How to win pencils and influence juries

Katherine Fischer was one of eight members on the Writing for Design jury at this year’s D&AD awards. She shares a few tidbits about what it takes to make the list.

By Katherine Fischer, Verbal Design Director

Jun 2023

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It's 9am. It’s an almost-sunny London morning. And it’s day one of D&AD judging where more than 100 people have gathered to discuss, debate, and ultimately decide who’s made it into the revered 2023 annual.

I’m on the Writing for Design jury. That means we’re looking at everything from naming, brand voice, packaging, digital, integrated, and physical work. Basically if it’s commercial, promotional, or not-for-profit writing, and it’s paired with design—it could potentially be eligible.

But of course, we know it takes a lot more than that.

Here’s a few things that all the entries who made the shortlist and beyond had in common.

First and foremost, it’s about the craft.

There are some categories where the idea itself is the top consideration for winning a pencil. This isn’t one of them.

Writing for Design is in the craft category. I might be stating the obvious, but it means that both the writing and the design need to be exceptional—and in that order.

With that in mind, we ended up voting ‘no’ against some entries that contained some truly world-changing, innovative ideas. Or they were beautifully designed—but the writing didn’t necessarily stand out. There were also entries that had great writing but we couldn’t justify their place on the list because the design wasn’t at a D&AD standard.

As for the ones that did get through, one standout was for the Henry Moore Institute. It’s a pretty cool example that shows how sculpture—a totally visual and spatial medium—can make us feel in one simple, copy-led poster.

…but there still needs to be an idea.

On the other hand, the idea can’t be completely neglected. There needs to be a reason for your very beautiful piece of writing to exist.

For example—on the face of it—Bijan Mustardson could simply be a delightful name for a range of Dijon mustard endorsed by a footballer named Bijan. But importantly, it also captured a real moment. It marked the very first time American college athletes were allowed to make money from their name or image. And Bijan Mustardson did it before anyone else.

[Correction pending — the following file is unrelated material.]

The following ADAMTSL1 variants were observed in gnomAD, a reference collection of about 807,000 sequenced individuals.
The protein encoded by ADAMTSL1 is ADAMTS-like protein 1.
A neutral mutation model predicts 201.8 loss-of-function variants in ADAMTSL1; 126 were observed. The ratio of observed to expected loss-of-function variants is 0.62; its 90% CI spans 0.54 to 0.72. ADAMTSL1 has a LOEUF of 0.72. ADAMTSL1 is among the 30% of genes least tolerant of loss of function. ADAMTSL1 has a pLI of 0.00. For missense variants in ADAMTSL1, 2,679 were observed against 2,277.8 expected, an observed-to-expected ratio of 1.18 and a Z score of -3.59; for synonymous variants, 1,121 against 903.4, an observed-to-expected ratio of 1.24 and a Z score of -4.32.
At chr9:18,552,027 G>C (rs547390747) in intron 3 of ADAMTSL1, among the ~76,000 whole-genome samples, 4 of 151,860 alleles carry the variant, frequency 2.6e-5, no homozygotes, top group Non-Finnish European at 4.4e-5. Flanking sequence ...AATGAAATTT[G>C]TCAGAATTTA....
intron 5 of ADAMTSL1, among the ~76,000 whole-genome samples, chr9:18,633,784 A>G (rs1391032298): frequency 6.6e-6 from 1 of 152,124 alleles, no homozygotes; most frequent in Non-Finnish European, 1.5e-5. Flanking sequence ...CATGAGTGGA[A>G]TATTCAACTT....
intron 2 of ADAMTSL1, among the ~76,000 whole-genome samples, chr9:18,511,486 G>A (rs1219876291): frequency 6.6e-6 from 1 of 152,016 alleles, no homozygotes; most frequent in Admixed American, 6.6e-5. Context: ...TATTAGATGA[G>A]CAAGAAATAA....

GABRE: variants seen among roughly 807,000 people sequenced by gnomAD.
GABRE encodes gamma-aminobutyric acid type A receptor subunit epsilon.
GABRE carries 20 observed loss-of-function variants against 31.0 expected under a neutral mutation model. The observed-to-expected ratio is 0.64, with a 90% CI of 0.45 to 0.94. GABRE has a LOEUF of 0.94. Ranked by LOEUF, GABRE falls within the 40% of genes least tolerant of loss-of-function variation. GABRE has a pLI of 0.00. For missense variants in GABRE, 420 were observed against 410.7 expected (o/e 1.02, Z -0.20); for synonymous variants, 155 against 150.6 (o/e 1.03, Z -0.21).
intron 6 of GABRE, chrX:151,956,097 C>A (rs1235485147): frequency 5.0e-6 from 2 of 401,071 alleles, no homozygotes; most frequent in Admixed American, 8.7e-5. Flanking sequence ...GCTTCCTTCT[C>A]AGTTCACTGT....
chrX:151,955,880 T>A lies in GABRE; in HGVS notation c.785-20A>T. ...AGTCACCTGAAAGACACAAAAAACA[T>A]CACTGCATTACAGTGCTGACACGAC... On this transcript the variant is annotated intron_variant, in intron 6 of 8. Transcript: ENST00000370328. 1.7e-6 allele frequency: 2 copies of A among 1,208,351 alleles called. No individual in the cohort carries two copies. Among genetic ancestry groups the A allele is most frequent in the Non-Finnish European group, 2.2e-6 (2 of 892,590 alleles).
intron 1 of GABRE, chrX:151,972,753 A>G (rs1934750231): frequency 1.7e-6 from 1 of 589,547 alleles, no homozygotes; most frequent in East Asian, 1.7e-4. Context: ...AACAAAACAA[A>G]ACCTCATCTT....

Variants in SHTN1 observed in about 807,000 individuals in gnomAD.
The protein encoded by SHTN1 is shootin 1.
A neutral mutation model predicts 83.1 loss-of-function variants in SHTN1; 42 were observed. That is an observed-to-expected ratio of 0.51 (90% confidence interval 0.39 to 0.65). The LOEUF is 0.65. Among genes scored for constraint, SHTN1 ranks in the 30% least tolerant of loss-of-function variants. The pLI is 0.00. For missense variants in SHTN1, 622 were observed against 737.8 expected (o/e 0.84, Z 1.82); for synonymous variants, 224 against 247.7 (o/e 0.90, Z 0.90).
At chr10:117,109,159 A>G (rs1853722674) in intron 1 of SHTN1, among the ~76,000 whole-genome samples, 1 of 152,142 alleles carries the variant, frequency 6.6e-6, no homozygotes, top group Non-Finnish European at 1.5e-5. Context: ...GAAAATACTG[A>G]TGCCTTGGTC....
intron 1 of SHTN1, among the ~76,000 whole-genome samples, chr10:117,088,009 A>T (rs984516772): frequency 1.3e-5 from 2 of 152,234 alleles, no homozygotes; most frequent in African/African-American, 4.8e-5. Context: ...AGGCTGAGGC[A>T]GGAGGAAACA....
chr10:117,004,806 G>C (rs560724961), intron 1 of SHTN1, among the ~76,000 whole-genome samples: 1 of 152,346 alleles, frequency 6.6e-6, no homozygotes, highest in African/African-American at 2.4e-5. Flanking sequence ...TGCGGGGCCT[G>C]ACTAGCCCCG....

In fact, the only yellow pencil that was awarded in our category was for Aston Martin. Frankly, it’s not revolutionary for a piece of car branding to get your heart racing. What does stand out is the way the brand leans into exceptional language—every word depicts a connection between driver and machine. And it’s an idea that fits perfectly with the rest of the brand system built out of visualising heartbeats, dilated pupils, and deep breaths in.

The jury gets together in person for a reason.

Judging could have been as simple as going through each round individually and voting on what you thought was the best work. Go home, job done. 

But that would have missed the most important bit: the debate.

Eight of us—plus some angels from D&AD who kept us caffeinated and on track—sat in that room for close to 10 hours. In that time, entries came on and off the list. People fought for the work they believed in, and respectfully made points about why others shouldn’t make it.

And it was glorious.

Sitting in a room of writers talking about writing is my happy place. I find it's so rare to find yourself changing your mind on anything, and I had the pleasure of doing it quite a bit that day. Ultimately, it means the work that one person might overlook still has a chance if there’s someone in its corner.

After the awards are done and dusted.

The pencils have been announced. The champagne’s been popped. And another year of celebrating exceptional creativity wraps up. 

But D&AD doesn’t end there.

As for me, I’m really excited about the opportunity to be a mentor for Sydney’s chapter of D&AD Shift. It’s a night school program for aspiring creatives and self-made talent to learn the ropes, make connections, and ultimately land a job in the industry.

And who knows? It might be sooner than we think that a new cohort of judges will be sitting in a room for about 10 hours; discussing, debating, and awarding work from the next generation of creatives who are just around the corner.

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